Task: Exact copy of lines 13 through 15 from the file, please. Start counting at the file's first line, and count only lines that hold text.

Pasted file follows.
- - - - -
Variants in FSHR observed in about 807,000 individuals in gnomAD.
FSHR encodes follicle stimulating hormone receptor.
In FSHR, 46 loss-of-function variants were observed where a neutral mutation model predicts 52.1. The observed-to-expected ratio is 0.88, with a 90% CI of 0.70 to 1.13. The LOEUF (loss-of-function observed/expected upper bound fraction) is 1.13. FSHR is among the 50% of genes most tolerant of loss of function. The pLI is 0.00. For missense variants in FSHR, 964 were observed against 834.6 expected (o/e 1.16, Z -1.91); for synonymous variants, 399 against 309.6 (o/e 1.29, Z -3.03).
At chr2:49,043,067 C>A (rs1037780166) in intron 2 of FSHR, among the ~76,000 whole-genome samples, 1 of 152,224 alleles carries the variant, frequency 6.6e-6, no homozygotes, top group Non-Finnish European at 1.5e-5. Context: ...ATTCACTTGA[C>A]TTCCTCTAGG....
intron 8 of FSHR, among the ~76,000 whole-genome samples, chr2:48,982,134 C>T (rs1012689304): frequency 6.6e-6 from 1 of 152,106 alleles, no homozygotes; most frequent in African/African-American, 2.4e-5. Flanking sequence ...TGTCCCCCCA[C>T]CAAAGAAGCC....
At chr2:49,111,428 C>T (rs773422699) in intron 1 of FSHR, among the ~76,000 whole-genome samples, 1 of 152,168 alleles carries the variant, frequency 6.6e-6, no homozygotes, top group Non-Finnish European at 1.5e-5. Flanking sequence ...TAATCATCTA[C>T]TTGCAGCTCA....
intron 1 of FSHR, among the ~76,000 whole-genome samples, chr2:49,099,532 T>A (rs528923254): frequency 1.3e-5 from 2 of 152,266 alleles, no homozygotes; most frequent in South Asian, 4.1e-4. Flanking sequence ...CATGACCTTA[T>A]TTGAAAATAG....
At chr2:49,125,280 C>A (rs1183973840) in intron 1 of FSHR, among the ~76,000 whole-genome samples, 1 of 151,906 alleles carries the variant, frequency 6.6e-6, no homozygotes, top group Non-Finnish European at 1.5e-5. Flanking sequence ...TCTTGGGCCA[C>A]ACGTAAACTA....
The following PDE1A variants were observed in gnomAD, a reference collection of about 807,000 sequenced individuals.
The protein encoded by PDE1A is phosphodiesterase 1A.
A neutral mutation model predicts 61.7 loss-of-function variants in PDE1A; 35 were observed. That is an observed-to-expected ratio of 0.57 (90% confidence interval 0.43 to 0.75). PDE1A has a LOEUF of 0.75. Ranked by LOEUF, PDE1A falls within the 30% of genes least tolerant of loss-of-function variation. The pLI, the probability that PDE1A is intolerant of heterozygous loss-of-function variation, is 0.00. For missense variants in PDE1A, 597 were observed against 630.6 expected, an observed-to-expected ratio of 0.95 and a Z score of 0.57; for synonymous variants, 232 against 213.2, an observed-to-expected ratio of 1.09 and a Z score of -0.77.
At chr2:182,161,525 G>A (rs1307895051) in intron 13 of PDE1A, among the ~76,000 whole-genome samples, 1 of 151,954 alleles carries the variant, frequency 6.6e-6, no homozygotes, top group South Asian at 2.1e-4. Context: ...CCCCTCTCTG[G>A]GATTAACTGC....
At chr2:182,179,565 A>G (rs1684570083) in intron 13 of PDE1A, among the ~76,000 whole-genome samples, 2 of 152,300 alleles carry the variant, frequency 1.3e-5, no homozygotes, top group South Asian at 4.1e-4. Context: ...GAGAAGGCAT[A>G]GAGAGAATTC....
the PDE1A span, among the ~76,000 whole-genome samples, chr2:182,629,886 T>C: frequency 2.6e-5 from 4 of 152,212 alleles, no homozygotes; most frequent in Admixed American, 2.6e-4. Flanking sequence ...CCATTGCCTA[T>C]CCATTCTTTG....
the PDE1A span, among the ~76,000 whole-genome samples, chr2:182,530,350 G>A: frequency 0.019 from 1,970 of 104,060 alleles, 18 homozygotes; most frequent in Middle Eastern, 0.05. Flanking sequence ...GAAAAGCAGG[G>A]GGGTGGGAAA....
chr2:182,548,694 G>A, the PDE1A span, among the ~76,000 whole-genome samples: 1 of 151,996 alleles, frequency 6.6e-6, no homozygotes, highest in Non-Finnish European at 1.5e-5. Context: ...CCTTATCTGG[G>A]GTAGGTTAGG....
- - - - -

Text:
At chr2:182,179,565 A>G (rs1684570083) in intron 13 of PDE1A, among the ~76,000 whole-genome samples, 2 of 152,300 alleles carry the variant, frequency 1.3e-5, no homozygotes, top group South Asian at 4.1e-4. Context: ...GAGAAGGCAT[A>G]GAGAGAATTC....
the PDE1A span, among the ~76,000 whole-genome samples, chr2:182,629,886 T>C: frequency 2.6e-5 from 4 of 152,212 alleles, no homozygotes; most frequent in Admixed American, 2.6e-4. Flanking sequence ...CCATTGCCTA[T>C]CCATTCTTTG....
the PDE1A span, among the ~76,000 whole-genome samples, chr2:182,530,350 G>A: frequency 0.019 from 1,970 of 104,060 alleles, 18 homozygotes; most frequent in Middle Eastern, 0.05. Flanking sequence ...GAAAAGCAGG[G>A]GGGTGGGAAA....